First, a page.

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The Office writer Anthony Q. Farrell has a big job on his hands, convincing fellow Canadian TV scribes to step up and take the lead in local series writer rooms.
“I’m getting messages from young writers that are in rooms with showrunners who don’t have any experience showrunning, and it’s difficult because they want to be supportive but that person doesn’t have training and they don’t know how to do that job,” Farrell told The Hollywood Reporter.
By definition, the job of showrunning calls for being the top dog in the writers room. And Farrell explains that too many polite Canadian screenwriters, much less from Black, Indigenous and people of color communities, either are reluctant to take charge when appropriate or see barriers in their way.
“It’s a very Canadian thing to say, I’ll let you handle that,” the veteran writer and executive producer says. Farrell is eager to change that with a first-ever Showrunner Training Bootcamp hosted by BIPOC TV & Film, an organization campaigning for racial equity in the Canadian entertainment industry.
Confidence to take the creative reins, it turns out, comes naturally to Farrell as the showrunner and executive producer of the sci-fi primetime comedy Overlord & The Underwoods while also developing other shows. His TV credits include CBC’s Little Mosque on the Prairie and the upcoming Marble and BYUtv series The Parker Andersons/Amelia Parker.
Ferrell recalls an actor friend telling him he had an “American swagger” when running a writers room. “I told him, I guess that’s kind of because I’ve worked in the States for so long, but it’s weird to me that it’s not the norm up here. You’re the showrunner, you’re the runner of the show!” Farrell adds.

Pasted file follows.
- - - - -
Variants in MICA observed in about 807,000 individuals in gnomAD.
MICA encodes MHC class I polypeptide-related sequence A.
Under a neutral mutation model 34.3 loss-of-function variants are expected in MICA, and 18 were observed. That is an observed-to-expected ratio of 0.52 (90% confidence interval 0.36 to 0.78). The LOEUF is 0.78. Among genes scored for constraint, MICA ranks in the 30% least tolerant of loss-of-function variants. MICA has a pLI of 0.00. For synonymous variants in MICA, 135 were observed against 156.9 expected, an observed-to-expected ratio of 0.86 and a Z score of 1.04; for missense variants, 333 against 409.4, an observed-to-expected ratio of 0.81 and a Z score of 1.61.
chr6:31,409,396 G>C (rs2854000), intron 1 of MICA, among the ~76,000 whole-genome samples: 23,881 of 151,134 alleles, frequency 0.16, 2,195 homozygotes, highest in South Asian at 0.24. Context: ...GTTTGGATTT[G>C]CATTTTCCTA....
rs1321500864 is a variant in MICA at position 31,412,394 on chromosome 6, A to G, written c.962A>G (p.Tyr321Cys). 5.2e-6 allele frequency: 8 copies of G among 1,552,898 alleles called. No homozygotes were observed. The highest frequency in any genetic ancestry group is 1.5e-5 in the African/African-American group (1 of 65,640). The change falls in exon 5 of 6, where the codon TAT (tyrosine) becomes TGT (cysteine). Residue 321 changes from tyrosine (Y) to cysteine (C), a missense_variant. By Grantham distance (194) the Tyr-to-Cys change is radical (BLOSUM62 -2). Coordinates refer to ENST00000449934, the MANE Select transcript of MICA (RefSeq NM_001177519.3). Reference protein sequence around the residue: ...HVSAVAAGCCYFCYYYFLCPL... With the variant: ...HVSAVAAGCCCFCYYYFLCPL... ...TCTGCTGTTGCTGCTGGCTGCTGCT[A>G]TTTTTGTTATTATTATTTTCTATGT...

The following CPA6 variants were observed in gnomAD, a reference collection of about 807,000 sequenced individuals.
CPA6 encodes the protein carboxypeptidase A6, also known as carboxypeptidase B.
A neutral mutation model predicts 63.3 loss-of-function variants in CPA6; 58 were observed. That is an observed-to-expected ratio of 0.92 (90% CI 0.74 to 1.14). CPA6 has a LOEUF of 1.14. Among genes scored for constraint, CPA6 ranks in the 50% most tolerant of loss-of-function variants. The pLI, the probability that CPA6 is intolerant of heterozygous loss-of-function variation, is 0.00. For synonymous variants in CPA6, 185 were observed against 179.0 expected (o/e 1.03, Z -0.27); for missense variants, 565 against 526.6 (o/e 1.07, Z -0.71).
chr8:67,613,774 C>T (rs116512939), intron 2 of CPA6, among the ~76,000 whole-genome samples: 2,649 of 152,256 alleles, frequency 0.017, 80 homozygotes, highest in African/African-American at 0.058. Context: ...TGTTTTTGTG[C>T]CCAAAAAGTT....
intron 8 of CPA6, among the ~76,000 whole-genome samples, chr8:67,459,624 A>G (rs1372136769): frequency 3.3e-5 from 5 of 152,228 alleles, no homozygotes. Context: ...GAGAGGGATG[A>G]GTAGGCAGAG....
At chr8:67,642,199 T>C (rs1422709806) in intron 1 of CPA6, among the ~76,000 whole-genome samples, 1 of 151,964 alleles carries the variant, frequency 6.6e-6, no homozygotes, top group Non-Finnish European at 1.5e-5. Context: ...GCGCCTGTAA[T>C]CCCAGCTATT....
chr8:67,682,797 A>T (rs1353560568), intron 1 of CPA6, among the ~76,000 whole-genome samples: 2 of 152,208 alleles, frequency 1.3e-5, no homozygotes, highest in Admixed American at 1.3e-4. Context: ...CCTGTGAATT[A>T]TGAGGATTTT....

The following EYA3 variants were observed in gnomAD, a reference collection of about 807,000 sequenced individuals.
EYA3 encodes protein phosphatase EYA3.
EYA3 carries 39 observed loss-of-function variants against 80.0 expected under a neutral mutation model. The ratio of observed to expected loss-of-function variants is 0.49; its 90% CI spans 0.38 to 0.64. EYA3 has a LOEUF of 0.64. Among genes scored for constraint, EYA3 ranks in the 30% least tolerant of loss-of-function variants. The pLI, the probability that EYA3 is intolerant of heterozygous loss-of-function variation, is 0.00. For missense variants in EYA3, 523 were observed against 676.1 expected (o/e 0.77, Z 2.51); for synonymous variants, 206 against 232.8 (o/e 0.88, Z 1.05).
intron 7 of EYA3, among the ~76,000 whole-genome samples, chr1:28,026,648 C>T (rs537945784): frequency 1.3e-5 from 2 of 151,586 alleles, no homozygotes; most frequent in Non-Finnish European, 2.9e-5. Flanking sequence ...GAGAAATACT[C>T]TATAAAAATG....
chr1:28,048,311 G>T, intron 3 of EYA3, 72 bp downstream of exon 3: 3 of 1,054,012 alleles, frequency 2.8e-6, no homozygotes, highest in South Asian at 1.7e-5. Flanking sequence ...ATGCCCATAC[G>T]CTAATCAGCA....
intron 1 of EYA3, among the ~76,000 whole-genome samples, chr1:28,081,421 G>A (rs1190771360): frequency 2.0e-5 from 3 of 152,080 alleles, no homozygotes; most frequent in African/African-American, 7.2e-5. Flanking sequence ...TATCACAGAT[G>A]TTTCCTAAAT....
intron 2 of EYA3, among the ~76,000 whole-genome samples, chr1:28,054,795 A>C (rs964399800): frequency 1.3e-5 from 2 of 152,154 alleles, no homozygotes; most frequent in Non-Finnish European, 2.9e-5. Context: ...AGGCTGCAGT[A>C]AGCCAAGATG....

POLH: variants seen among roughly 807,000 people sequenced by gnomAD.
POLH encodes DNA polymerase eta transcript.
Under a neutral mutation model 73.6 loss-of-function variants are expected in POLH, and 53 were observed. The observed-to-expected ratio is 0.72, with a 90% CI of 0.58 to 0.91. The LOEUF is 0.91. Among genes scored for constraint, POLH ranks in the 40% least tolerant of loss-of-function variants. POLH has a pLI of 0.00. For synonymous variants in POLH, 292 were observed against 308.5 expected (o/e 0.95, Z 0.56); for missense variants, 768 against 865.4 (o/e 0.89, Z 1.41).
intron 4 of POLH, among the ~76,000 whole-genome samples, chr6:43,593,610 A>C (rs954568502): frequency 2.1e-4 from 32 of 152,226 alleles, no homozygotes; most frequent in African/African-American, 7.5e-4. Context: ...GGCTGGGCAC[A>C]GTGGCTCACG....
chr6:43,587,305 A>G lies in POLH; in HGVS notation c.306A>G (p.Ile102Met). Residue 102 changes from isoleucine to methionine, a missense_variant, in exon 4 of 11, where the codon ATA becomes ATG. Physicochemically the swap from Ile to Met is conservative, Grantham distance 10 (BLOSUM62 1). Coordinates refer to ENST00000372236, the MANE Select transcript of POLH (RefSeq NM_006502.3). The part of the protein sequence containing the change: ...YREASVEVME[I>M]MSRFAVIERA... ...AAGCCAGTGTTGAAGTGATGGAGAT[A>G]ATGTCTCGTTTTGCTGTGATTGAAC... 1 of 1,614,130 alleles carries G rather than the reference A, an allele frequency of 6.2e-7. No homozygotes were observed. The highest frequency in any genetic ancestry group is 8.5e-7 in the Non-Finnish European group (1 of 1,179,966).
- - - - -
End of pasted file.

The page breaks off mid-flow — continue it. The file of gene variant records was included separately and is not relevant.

Backed by special guest instructors and panelists from the U.S. and Canada, Farrell’s program, co-designed with writer and producer Jinder Oujla-Chalmers, will train up to 50 Canadian BIPOC writers on how to manage and staff their writers rooms, production and post-production schedules, and deal with production companies and broadcasters.
The bootcamp comes amid an increase in opportunities for BIPOC creators to become showrunners on Canadian TV shows. In the past, creators from under-represented communities would too often get a series greenlighted, only to see a more experienced showrunner or supervisor take the lead on the show.
“It’s usually a white man, sometimes a white woman. If that person is open to learning and listening, it can be a great experience. But too often that person is dealing with an ego situation or a touch of white fragility, dare I say,” Farrell argues.
The bootcamp aims to get mid- and upper-level BIPOC writers ready for the jump to showrunning so they can avoid the pitfalls of a Canadian TV industry too reliant on white gatekeepers. “They [BIPOC creators] might be a great writer, but now you have to be the manager of other writers, you have to answer questions to different departments, be part of postproduction — you have a lot of things happening which you have not been trained for as a writer,” Farrell explains.
A 2021 report from the Writers Guild of Canada revealed that writers from marginalized and underrepresented communities were least likely to occupy leadership roles or senior credits on Canadian TV series and that lack of racial equity impacts how BIPOC creators are hired, or not, and how much money they make.
“It was a painful experience creating my own television series, being given a green light, only to have the showrunning position go to someone else. I’ve found throughout my writing journey no one ever talks about what the showrunners task really is. Like it’s a big secret that nobody is willing to reveal,” writer and executive producer Jinder Oujla-Chalmers, who partnered with Farrell on the Bootcamp, said in a statement.
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